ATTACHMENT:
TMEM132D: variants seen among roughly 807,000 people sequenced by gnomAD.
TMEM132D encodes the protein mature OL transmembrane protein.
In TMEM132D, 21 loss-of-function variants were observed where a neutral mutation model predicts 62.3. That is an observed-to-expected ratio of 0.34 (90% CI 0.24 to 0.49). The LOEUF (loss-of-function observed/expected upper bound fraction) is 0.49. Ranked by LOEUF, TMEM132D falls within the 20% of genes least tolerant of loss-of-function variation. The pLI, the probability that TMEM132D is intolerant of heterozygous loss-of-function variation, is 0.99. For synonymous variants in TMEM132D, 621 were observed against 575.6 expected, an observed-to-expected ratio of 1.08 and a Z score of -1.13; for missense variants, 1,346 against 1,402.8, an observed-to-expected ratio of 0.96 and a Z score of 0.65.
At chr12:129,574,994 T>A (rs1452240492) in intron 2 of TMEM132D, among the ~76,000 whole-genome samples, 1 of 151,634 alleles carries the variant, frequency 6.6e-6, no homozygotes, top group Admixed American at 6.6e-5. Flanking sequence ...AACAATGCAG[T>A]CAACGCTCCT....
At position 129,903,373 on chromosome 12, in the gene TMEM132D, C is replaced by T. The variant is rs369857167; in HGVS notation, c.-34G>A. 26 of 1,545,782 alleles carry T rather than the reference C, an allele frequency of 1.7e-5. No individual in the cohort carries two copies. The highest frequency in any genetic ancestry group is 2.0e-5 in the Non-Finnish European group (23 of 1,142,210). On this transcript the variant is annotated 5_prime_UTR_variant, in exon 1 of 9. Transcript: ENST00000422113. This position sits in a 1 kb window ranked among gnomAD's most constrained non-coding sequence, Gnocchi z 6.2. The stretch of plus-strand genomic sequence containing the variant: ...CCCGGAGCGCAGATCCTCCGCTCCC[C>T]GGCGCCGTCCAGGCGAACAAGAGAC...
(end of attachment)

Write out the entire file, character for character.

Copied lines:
TMEM132D: variants seen among roughly 807,000 people sequenced by gnomAD.
TMEM132D encodes the protein mature OL transmembrane protein.
In TMEM132D, 21 loss-of-function variants were observed where a neutral mutation model predicts 62.3. That is an observed-to-expected ratio of 0.34 (90% CI 0.24 to 0.49). The LOEUF (loss-of-function observed/expected upper bound fraction) is 0.49. Ranked by LOEUF, TMEM132D falls within the 20% of genes least tolerant of loss-of-function variation. The pLI, the probability that TMEM132D is intolerant of heterozygous loss-of-function variation, is 0.99. For synonymous variants in TMEM132D, 621 were observed against 575.6 expected, an observed-to-expected ratio of 1.08 and a Z score of -1.13; for missense variants, 1,346 against 1,402.8, an observed-to-expected ratio of 0.96 and a Z score of 0.65.
At chr12:129,574,994 T>A (rs1452240492) in intron 2 of TMEM132D, among the ~76,000 whole-genome samples, 1 of 151,634 alleles carries the variant, frequency 6.6e-6, no homozygotes, top group Admixed American at 6.6e-5. Flanking sequence ...AACAATGCAG[T>A]CAACGCTCCT....
At position 129,903,373 on chromosome 12, in the gene TMEM132D, C is replaced by T. The variant is rs369857167; in HGVS notation, c.-34G>A. 26 of 1,545,782 alleles carry T rather than the reference C, an allele frequency of 1.7e-5. No individual in the cohort carries two copies. The highest frequency in any genetic ancestry group is 2.0e-5 in the Non-Finnish European group (23 of 1,142,210). On this transcript the variant is annotated 5_prime_UTR_variant, in exon 1 of 9. Transcript: ENST00000422113. This position sits in a 1 kb window ranked among gnomAD's most constrained non-coding sequence, Gnocchi z 6.2. The stretch of plus-strand genomic sequence containing the variant: ...CCCGGAGCGCAGATCCTCCGCTCCC[C>T]GGCGCCGTCCAGGCGAACAAGAGAC...